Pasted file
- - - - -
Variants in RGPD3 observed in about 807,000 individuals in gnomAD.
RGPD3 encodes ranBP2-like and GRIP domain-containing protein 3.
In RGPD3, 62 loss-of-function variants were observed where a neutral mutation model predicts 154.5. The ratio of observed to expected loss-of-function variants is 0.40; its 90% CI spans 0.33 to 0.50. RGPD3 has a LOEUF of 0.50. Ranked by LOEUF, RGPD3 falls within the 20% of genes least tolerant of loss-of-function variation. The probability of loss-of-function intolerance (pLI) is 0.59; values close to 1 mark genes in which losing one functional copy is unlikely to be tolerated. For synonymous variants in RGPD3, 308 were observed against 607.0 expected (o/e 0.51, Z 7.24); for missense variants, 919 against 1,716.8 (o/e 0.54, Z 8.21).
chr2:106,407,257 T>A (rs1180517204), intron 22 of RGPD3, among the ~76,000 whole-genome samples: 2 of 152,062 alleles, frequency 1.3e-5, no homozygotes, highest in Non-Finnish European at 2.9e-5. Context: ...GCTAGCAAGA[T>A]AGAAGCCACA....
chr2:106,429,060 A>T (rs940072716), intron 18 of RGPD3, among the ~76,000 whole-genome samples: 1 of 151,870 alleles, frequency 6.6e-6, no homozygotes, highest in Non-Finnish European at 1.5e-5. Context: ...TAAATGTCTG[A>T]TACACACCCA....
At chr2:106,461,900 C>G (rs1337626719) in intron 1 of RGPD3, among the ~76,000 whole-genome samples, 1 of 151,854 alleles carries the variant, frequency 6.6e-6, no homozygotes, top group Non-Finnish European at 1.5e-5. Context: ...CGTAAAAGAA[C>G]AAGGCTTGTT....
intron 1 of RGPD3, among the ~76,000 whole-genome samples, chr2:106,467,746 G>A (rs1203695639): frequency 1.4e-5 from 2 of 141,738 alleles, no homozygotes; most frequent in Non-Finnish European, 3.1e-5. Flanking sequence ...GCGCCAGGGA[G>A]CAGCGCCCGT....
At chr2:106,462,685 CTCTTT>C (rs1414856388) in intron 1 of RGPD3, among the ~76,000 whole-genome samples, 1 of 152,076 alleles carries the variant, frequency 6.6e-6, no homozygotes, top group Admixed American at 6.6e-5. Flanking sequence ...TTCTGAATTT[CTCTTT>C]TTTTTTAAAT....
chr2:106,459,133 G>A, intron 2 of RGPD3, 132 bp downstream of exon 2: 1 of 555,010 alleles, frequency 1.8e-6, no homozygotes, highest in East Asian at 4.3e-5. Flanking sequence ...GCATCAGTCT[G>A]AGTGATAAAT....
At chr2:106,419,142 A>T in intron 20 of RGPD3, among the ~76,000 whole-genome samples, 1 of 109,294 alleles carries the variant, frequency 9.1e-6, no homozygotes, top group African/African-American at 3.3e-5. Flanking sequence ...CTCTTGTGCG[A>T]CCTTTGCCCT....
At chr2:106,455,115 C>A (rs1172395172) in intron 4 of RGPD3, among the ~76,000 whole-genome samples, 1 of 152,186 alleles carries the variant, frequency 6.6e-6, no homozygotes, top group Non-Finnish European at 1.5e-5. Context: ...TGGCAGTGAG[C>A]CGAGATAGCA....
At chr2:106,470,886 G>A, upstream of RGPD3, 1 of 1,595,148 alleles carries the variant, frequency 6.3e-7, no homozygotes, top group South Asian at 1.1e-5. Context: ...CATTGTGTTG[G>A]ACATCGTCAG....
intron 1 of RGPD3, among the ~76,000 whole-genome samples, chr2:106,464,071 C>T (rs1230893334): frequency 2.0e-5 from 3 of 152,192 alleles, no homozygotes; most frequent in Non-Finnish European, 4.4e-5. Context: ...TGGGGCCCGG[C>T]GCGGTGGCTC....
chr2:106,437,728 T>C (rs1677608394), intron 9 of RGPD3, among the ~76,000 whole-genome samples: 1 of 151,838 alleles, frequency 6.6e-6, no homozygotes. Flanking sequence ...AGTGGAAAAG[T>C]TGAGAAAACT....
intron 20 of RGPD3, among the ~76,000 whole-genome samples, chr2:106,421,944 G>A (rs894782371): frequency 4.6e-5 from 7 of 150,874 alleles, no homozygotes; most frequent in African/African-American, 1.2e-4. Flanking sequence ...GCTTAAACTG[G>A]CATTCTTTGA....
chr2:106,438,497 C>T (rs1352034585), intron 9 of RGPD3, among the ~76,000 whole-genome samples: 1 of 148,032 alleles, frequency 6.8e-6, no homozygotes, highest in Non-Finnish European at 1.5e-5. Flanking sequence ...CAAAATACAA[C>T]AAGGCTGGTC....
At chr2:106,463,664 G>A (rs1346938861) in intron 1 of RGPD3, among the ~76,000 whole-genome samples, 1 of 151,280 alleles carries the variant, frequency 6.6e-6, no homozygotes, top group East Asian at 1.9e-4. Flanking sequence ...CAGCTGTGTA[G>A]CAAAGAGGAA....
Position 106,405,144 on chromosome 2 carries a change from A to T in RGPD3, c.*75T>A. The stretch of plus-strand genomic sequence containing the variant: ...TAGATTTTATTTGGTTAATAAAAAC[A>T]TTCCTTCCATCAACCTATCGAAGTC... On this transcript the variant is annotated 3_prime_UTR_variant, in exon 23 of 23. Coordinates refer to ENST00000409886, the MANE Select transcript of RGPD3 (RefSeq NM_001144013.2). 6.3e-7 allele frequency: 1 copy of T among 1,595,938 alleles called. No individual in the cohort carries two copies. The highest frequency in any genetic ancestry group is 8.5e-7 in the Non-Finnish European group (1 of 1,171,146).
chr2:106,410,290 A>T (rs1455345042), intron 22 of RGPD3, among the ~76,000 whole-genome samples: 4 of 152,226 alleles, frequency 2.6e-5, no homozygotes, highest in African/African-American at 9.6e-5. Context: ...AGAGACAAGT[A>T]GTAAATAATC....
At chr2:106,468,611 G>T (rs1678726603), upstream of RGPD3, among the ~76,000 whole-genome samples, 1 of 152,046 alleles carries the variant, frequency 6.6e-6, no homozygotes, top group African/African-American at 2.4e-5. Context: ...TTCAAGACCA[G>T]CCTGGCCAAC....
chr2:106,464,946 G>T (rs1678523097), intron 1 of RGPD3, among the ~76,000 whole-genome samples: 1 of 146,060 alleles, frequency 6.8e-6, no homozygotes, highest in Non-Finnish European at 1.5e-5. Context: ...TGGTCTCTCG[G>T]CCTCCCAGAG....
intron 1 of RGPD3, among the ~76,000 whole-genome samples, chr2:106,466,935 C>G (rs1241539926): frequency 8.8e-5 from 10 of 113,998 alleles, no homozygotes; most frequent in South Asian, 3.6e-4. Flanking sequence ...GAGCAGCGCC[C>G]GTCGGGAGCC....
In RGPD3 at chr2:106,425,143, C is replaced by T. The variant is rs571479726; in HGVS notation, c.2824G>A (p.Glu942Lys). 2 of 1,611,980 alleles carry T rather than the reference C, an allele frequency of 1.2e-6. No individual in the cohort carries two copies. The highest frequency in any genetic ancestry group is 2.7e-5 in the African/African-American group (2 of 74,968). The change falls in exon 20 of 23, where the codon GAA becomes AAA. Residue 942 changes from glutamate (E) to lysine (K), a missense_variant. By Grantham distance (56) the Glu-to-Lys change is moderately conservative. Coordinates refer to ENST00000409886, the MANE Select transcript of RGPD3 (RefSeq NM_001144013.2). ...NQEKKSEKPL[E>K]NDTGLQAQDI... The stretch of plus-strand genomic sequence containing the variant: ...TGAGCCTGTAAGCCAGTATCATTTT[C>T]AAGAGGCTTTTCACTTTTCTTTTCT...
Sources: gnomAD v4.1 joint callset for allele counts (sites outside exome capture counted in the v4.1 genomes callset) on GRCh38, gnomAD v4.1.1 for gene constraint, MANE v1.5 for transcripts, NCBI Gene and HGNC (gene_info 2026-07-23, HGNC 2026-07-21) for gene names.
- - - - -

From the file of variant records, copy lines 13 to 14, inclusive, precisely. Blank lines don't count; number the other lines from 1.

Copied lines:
intron 1 of RGPD3, among the ~76,000 whole-genome samples, chr2:106,464,071 C>T (rs1230893334): frequency 2.0e-5 from 3 of 152,192 alleles, no homozygotes; most frequent in Non-Finnish European, 4.4e-5. Context: ...TGGGGCCCGG[C>T]GCGGTGGCTC....
chr2:106,437,728 T>C (rs1677608394), intron 9 of RGPD3, among the ~76,000 whole-genome samples: 1 of 151,838 alleles, frequency 6.6e-6, no homozygotes. Flanking sequence ...AGTGGAAAAG[T>C]TGAGAAAACT....